Photo courtesy of Eric London
A large group of Phillies fans waits to enter Nationals Park on Monday.
I know there is much disgust around NatsTown this morning over just about every aspect of yesterday's opener, from the actual result on the field (an embarrassing, 11-1 loss to the Phillies) to the President pulling a White Sox cap out of his pocket to the invasion of fans from up I-95 who turned Nationals Park into Citizens Bank Park.
It seems that final point has been most upsetting to local fans who were aghast to walk into their home ballpark and feel like they were outnumbered by the opposition. On Opening Day, nonetheless.
So what happened? How did so many Phillies fans manage to squeeze their way in while many Nationals fans were shut out. Individual-game tickets went on sale March 2, and according to the club, it only took seven minutes for most to sell out. Did that many people from Philadelphia get on the phone in those seven minutes and gobble up all the available seats?
The best explanation appears to be that many of those visiting fans bought tickets through group sales, well in advance of March 2.
Different types of tickets are sold at different points in the calendar year. Season ticket packages go on sale before the previous season ends. Group packages also become available during the offseason.
"Both season tickets are sold, and groups are booked, all through the winter, for every game," Nationals president Stan Kasten said via email this morning. "All of this is before any individual game tickets go on sale."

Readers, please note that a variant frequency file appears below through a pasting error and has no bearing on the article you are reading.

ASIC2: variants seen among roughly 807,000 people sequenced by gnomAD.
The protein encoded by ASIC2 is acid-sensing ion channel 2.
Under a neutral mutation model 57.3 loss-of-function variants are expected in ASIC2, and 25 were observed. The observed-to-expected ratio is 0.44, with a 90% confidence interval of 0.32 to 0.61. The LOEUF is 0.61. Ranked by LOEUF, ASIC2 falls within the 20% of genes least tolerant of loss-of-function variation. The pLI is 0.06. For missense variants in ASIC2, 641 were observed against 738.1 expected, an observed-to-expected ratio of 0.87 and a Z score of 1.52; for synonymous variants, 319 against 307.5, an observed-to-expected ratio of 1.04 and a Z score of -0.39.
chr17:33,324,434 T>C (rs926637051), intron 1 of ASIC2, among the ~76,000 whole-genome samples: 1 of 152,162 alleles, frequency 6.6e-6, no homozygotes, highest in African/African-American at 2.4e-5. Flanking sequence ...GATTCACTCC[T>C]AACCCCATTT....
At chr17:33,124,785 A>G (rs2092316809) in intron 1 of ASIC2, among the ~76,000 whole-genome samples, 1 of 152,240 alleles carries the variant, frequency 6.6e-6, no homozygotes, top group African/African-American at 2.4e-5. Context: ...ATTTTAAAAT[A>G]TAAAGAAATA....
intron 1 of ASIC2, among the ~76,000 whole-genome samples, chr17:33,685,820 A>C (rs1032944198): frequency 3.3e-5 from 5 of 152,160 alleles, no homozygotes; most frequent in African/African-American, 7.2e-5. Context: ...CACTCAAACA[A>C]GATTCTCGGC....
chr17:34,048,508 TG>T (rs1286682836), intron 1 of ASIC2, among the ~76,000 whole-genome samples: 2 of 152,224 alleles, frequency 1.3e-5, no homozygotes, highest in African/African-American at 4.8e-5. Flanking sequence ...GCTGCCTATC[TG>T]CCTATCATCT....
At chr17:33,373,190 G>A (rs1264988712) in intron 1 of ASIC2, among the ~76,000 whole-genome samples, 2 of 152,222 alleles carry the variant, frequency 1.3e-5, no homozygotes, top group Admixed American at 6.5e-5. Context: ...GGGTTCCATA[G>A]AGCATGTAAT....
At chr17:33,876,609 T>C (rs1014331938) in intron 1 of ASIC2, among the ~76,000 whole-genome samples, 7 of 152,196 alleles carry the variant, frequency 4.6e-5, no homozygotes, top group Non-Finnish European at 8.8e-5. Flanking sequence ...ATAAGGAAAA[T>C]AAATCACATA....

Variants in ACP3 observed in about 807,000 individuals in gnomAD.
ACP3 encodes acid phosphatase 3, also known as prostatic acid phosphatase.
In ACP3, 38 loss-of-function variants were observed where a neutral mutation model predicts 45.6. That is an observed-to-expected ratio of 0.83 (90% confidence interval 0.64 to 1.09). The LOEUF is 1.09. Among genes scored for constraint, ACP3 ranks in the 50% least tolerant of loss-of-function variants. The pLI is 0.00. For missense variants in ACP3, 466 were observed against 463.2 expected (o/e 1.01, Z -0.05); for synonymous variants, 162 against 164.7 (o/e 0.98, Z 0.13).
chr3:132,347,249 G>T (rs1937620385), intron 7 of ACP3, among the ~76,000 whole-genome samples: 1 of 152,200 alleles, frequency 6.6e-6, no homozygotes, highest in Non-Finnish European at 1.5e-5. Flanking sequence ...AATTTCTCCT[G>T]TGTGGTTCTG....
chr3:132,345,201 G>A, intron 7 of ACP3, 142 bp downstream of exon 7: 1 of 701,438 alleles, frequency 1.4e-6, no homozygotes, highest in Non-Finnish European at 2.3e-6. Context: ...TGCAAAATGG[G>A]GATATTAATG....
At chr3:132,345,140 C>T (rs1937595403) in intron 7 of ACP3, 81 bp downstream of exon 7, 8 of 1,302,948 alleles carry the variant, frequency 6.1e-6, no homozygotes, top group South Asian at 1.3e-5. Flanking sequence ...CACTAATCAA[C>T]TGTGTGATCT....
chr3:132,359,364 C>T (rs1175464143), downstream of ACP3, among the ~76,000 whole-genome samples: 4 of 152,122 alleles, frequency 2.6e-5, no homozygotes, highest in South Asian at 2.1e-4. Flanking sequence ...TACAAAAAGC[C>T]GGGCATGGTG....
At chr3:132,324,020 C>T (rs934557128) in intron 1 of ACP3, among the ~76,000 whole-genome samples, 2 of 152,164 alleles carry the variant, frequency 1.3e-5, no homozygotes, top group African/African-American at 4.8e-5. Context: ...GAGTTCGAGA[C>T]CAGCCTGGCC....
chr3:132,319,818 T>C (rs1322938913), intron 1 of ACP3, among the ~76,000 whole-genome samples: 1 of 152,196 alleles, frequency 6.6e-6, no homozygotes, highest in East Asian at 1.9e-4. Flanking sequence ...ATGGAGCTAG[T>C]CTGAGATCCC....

It appears at least one organization in Philadelphia figured this out and took advantage of the opportunity to buy tickets in bulk long before they were on sale to individuals. A website called Phillytailgate.com, founded by a Philadelphia sports fan who wanted to organize large outings with other fans, bought a huge block of seats over the winter and then offered $109 ticket packages that included bus transportation from Philadelphia, unlimited food and beverages and a tailgate outside Nationals Park featuring a DJ, a string band and parade.
According to Philadelphia television station KYW, about 1,500 fans boarded more than 20 buses yesterday morning near Citizens Bank Park and made the trip down to Washington for the game.
Obviously, there were far more than 1,500 Phillies fans in attendance, so this one outing didn't account for the entire invasion. But it would appear plenty of other fans in Philadelphia got together and purchased group packages (minimum 25 seats) over the winter once they became available.
Some pro sports franchises have attempted before to restrict fans from opposing cities buying up tickets in bulk. The Capitals, most notably, have tried to keep Penguins fans from taking over Verizon Center by preventing phone sales that come from the Pittsburgh area code.
Asked if the Nationals discussed a similar attempt to restrict Philadelphia fans from buying seats to yesterday's game, Kasten wrote: "We tried to limit it, but not cut it off completely."
It should be noted that all those group packages purchased by Phillies fans were available to fans from Washington or any other city who wished to attend yesterday's game, or any other game this season.
In other words: If you want to avoid a similar scene next year, start organizing your Opening Day 2011 ticket purchasing groups ASAP.